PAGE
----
my turn


I Want To Be Tracked In 2013

Raise your hand if you’re sick to death of all of the privacy misinformation and fear-mongering in the press lately. We all are. There’s so much hype around the topic, it makes the recent political campaigns seem tame by comparison. The truth as we see it is that there’s a lot of consumer benefit to tracking. Wouldn’t it be great if someone shared these benefits with consumers? I would love to see a letter written to The New York Times by a consumer -- in defense of tracking:

Dear Editor:

I want to be tracked in 2013.

I realize that sounds crazy, but based on my understanding of the conversations regarding the Do Not Track initiative, I want to be tracked. And with a proper understanding of what this actually means, I believe other consumers will want to be tracked too.

Here’s why:

    • If I must see ads online, I prefer that they be relevant to me. If I’ve been shopping for home décor, it’s helpful for me to see an ad for discount curtains. It’s less helpful to see an ad for diet pills. It takes cookies and tracking to get that right.
    • When I use my loyalty card at the supermarket or drugstore, I’d like to receive coupons for things I actually might buy. Apart from the rewards point, that’s the reason I have a loyalty card -- so I can be rewarded with coupons and rebates for the things I like. Collecting that type of information requires tracking, too.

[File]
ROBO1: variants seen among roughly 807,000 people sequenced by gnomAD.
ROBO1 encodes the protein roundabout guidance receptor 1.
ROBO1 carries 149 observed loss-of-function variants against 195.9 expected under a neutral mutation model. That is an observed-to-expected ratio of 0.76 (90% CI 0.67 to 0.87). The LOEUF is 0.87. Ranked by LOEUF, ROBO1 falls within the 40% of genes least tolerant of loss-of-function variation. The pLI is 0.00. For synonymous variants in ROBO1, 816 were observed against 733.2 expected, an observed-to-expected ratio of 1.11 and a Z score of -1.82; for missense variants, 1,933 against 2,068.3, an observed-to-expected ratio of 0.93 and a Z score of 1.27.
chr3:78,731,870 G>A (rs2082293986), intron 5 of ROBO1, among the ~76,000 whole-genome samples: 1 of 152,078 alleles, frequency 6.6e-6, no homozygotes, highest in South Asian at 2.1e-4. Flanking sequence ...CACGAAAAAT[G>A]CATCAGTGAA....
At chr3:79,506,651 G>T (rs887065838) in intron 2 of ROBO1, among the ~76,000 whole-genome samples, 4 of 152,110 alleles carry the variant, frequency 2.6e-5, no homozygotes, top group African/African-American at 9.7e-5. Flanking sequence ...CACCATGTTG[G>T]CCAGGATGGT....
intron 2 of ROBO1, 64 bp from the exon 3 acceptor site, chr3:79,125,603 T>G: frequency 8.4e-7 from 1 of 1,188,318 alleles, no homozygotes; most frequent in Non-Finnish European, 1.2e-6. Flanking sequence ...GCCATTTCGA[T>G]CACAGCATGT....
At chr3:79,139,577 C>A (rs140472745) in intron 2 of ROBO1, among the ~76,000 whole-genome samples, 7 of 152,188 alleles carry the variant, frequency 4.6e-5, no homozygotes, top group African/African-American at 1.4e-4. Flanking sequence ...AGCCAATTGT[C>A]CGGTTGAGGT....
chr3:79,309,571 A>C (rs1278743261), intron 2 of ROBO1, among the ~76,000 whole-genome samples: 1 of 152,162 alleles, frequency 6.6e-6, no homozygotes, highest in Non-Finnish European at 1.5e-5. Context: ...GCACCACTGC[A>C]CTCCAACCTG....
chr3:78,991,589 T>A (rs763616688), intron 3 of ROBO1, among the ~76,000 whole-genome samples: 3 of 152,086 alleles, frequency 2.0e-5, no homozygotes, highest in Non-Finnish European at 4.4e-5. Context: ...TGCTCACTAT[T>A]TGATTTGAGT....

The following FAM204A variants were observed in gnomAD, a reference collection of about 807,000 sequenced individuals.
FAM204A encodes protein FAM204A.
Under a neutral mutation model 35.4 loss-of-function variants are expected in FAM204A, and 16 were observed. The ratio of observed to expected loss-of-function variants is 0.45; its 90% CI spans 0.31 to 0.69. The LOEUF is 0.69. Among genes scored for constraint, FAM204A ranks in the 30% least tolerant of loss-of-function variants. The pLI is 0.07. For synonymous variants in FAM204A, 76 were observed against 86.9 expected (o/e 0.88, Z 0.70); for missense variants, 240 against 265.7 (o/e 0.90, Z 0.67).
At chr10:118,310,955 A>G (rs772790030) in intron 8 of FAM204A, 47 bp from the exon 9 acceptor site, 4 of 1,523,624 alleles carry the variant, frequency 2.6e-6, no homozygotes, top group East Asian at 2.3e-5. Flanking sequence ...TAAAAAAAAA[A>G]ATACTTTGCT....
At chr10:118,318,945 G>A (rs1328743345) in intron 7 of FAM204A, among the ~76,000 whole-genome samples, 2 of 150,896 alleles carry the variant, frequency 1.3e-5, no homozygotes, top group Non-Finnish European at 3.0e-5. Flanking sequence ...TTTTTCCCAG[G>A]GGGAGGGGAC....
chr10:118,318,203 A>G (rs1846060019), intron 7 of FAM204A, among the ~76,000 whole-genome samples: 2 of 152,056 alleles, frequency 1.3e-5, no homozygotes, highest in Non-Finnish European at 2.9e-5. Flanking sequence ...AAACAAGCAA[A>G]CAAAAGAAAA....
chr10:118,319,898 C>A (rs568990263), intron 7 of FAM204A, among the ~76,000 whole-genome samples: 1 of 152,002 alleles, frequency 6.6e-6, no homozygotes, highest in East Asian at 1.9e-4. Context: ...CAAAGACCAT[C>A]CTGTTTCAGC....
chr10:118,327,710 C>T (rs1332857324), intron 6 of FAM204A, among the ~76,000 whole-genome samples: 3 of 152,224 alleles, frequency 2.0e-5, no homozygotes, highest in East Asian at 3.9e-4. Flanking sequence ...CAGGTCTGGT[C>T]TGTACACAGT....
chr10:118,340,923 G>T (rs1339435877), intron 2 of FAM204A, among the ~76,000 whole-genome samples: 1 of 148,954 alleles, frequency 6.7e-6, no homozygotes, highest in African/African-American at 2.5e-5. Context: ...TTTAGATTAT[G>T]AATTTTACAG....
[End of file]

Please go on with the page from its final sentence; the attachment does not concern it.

• I track my calories and workouts with a smartphone app, and it would be great to get tips and recipes that match my goals. I’m working hard to stay fit and healthy, so serving up low-fat, low-calorie dinner options and ideas for new workouts would be great to keep me motivated and moving toward my goal. And yes -- that takes tracking, too.
    • I love the new auto insurance plans that track my driving. I’m a good, safe driver. If tracking means saving money on insurance, track away!
    • And while I’m in the car, please track me with OnStar or some auto-based app. I would love for someone to know if I drive into a ditch, or be able to track my car if it’s stolen.
    • I use a fabulous online grocery service. Tracking is super-helpful there because it remembers my past few lists and shows me which of my previously purchased items are on sale this week. It even offers serving suggestions for my favorite produce items. How helpful is that?
    • Also, continue to track me as I play games online. That way, my scores will be remembered and I won’t have to start from scratch every time I log on.



I would contend that by being tracked in any of these situations, it’s highly unlikely that I am in any way jeopardizing my future or my safety. No one is digging into my financial history, no one is exposing any adult websites I may have visited, and no one is poking around in my medical records. The cookies I accept deliver a little bit of information about my browsing history -- just enough to keep my experiences relevant and, honestly, make my life easier.

Not that I’m taking anything for granted. I’ll continue to read and learn so that I can make informed decisions about how I want to be tracked in 2013 and beyond.

Thanks for hearing me out.


Concerned (and sometimes Contrarian) Consumer


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